Where as the other main character in the story “Of Mice & Men”, known as George, is totally different from Lennie. George is suggested to protect Lennie too much, and that he doesn’t let Lennie talk when he is suppose to. When he sells Lennie too much, people might mistaken that George is hiding something about Lennie.: “Then why don’t you let him answer? What you trying to put over?”. George also uses a special technique to make Lennie listen to him, from this technique he gives pressure to Lennie so that he will always keep George’s words in mind.: “But you ain’t gonna get in no trouble, because if you do, I won’t let you tend the rabbits.”
Steinbeck points out that George is protecting Lennie too much, and that he should always let him try and let him communicate more, socialize more and approach the outside world more, or else he would depend on George too much and takes it as an advantage.
George is also suggested to be smart, and has a lot of common sense. He uses his sensitive sensitivity to teach and lead Lennie to the right track: “Tastes all right, don’t really seem to be running though. You never oughta drink water when it ain’t running, Lennie.” Not only is George sensitive but he is also very smart in the ability to judge correctly: “You never had none, you crazy bastard. I got both of ’em here. Think I let you carry your own work card?”
Steinbeck shows the readers that it is an advantage for Lennie to be looked after by George, for George has the power to untie him from troubles he makes, and knows what’s best for him. Steinbeck also tells the readers, that the people with the same problems as Lennie should always be helped and be guided to the right way, instead of being discriminated.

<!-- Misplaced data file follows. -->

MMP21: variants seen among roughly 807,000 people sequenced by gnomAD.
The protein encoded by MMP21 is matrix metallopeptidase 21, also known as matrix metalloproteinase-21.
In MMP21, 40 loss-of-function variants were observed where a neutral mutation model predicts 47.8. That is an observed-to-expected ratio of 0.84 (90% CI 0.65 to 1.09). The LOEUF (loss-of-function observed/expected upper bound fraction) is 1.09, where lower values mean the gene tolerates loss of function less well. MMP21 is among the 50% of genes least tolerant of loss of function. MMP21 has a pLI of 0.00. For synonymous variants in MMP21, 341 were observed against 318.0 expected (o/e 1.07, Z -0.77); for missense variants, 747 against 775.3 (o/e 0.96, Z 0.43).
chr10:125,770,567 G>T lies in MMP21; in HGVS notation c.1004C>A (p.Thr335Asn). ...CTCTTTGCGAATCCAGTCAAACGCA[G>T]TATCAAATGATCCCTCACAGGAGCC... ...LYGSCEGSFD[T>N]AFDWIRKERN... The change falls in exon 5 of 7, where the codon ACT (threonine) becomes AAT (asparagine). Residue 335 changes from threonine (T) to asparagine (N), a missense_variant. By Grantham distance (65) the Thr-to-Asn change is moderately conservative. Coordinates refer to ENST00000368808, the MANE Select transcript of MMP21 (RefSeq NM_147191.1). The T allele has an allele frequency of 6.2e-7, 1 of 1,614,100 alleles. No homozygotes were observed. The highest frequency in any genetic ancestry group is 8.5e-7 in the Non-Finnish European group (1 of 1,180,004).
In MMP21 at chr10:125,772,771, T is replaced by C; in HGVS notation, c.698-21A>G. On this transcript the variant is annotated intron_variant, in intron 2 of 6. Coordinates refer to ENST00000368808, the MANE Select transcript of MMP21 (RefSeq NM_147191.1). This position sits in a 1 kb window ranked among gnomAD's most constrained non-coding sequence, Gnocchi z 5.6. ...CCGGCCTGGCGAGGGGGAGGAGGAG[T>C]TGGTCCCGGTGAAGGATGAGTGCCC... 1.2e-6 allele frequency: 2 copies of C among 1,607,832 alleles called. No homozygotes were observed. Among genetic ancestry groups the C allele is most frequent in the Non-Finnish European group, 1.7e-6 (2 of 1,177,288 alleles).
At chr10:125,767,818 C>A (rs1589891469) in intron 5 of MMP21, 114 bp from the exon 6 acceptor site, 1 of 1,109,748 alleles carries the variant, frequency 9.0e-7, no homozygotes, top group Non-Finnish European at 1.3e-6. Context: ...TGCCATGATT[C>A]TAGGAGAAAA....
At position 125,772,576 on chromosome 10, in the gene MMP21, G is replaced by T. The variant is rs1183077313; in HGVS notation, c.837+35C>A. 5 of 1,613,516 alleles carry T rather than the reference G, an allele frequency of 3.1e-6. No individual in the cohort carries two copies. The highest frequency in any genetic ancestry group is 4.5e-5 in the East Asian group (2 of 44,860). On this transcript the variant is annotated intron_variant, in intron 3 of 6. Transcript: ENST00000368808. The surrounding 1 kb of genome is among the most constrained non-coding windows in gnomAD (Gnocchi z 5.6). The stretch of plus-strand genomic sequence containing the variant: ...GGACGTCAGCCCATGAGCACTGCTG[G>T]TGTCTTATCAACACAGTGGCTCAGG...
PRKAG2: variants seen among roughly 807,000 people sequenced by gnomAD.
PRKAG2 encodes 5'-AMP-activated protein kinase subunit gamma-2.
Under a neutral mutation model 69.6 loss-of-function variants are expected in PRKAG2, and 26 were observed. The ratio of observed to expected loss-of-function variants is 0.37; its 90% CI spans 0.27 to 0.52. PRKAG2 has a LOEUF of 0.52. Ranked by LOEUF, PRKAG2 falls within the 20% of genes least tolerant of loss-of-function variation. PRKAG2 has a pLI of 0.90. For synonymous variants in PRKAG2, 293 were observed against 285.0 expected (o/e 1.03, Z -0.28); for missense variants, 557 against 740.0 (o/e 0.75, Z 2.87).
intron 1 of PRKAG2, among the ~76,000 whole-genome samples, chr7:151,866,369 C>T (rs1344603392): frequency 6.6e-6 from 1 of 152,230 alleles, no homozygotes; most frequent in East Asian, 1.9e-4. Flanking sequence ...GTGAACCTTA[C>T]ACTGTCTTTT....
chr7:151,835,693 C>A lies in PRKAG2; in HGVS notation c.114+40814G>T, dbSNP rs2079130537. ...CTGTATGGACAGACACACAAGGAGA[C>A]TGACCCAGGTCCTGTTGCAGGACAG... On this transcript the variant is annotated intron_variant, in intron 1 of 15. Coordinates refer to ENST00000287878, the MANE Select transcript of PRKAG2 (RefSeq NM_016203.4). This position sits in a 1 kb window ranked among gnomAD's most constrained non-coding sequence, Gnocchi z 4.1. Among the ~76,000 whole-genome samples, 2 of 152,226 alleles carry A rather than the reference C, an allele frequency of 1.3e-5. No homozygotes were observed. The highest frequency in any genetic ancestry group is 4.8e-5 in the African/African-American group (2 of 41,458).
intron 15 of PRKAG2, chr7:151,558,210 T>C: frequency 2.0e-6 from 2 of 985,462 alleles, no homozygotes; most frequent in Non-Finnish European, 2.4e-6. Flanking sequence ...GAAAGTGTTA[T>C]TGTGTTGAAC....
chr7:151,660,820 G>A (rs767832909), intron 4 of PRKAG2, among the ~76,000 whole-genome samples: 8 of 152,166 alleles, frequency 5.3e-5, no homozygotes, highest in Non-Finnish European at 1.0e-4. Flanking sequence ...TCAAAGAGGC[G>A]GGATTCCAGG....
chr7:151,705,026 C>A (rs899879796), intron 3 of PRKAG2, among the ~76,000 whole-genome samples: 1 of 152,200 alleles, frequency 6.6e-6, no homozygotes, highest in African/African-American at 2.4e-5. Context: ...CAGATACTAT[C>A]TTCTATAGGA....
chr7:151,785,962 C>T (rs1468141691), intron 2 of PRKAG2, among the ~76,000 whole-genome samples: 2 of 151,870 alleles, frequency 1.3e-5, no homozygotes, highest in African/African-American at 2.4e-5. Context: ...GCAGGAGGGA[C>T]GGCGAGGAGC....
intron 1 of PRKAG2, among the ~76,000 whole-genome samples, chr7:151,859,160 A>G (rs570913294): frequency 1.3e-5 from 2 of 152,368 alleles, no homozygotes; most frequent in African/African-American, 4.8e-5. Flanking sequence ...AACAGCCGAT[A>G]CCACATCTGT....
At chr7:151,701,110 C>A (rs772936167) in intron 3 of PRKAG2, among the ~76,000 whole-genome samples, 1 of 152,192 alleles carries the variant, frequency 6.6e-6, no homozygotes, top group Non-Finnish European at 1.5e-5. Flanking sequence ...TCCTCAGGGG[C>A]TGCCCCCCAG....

George also gets very fed up with Lennie sometimes, having to escape with Lennie from the troubles Lennie has caused from time to time.: “God a’mighty, if I was to live alone I could live so easy. I could get a job and work, and no trouble. No mess at all, and when the end of the month come I could take my fifty bucks and go into town and get whatever I want.” But on the other hand, he also cares a lot about Lennie’s feelings, and always persuades him to think towards the positive side when Lennie is depressed.: “Aw, Lennie! I ain’t taking it away jus’ for meanness. That mouse ain’t fresh, Lennie; and besides, you’ve broke it pettin’ it. You get another mouse that’s fresh and I’ll let you keep it a while.”
Steinbeck suggests that in order to be companionships, we will have to care for one and another’s feelings, Steinbeck also coveys that there aren’t any perfect pair of companionship, for there has to be arguments between people, since humans are born with these characteristics.
George having to be a trustworthy companionship with Lennie, always believes in his partner no matter what happens. He will always trust Lennie for whatever he does, and the decisions he makes.: “Lennie never done it in meanness. All the time he done bad things, but never done one of them mean.” George makes the relationship between Lennie and him like a family, George tells Lennie about their dreams, and how they are different to other people, as if it’s going to come true. George gives hope to Lennie making him feel better and have a target so that he won’t feel that he is working for nothing and that they are working to make their dream come true.: ” But not us! An’ why? Because …because I got you to look after me, and you got me to look after you, and that’s why……”.
Steinbeck tells the readers that although these low-class workers are poor and lonely, they haven’t got a stable home. But George and Lennie are different. For they carry a hope, a dream. This is why George and Lennie are never lonely. Steinbeck also suggests that an American dream in those days, does not come true easily.
Overall I think that John Steinbeck wants us to know that we should use Lennie and George as an example to how we should treat people with the same problems as Lennie is facing. Instead of discriminating them, we should always give them a hand of trust to help them. John Steinbeck also suggests that although Lennie may have mental problems, but from this information, it doesn’t mean that Lennie is useless. He may be stupid, but he is very hard working and may be better than most normal workers working in the ranch. John Steinbeck also wants us to know that although people like Lennie often creates serious problems due to his stupidity, this doesn’t suggest that he can use his low IQ, and stupidity as an excuse to not face the problem and just find another job, not caring what he had done before.